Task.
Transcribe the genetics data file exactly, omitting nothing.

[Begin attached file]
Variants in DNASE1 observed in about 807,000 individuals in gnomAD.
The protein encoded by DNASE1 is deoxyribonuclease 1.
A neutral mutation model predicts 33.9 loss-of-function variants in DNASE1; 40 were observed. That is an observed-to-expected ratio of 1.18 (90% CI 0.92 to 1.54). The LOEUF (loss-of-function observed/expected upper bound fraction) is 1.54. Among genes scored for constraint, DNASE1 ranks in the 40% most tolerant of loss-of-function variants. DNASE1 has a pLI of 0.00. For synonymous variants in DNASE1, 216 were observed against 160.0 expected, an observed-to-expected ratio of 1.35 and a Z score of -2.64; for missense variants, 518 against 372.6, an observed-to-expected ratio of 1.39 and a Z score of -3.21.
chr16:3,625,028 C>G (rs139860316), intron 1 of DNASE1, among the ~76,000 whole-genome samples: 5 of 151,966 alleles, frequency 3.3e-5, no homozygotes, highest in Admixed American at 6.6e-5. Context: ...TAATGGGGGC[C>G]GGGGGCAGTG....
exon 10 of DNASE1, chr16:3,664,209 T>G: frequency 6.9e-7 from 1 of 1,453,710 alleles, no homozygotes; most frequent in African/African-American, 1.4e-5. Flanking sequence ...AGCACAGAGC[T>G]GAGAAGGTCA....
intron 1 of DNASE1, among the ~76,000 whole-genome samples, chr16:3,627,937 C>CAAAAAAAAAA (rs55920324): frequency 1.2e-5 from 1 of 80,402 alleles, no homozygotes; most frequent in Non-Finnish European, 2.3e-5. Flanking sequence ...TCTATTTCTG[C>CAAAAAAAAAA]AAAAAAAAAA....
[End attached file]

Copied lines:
Variants in DNASE1 observed in about 807,000 individuals in gnomAD.
The protein encoded by DNASE1 is deoxyribonuclease 1.
A neutral mutation model predicts 33.9 loss-of-function variants in DNASE1; 40 were observed. That is an observed-to-expected ratio of 1.18 (90% CI 0.92 to 1.54). The LOEUF (loss-of-function observed/expected upper bound fraction) is 1.54. Among genes scored for constraint, DNASE1 ranks in the 40% most tolerant of loss-of-function variants. DNASE1 has a pLI of 0.00. For synonymous variants in DNASE1, 216 were observed against 160.0 expected, an observed-to-expected ratio of 1.35 and a Z score of -2.64; for missense variants, 518 against 372.6, an observed-to-expected ratio of 1.39 and a Z score of -3.21.
chr16:3,625,028 C>G (rs139860316), intron 1 of DNASE1, among the ~76,000 whole-genome samples: 5 of 151,966 alleles, frequency 3.3e-5, no homozygotes, highest in Admixed American at 6.6e-5. Context: ...TAATGGGGGC[C>G]GGGGGCAGTG....
exon 10 of DNASE1, chr16:3,664,209 T>G: frequency 6.9e-7 from 1 of 1,453,710 alleles, no homozygotes; most frequent in African/African-American, 1.4e-5. Flanking sequence ...AGCACAGAGC[T>G]GAGAAGGTCA....
intron 1 of DNASE1, among the ~76,000 whole-genome samples, chr16:3,627,937 C>CAAAAAAAAAA (rs55920324): frequency 1.2e-5 from 1 of 80,402 alleles, no homozygotes; most frequent in Non-Finnish European, 2.3e-5. Flanking sequence ...TCTATTTCTG[C>CAAAAAAAAAA]AAAAAAAAAA....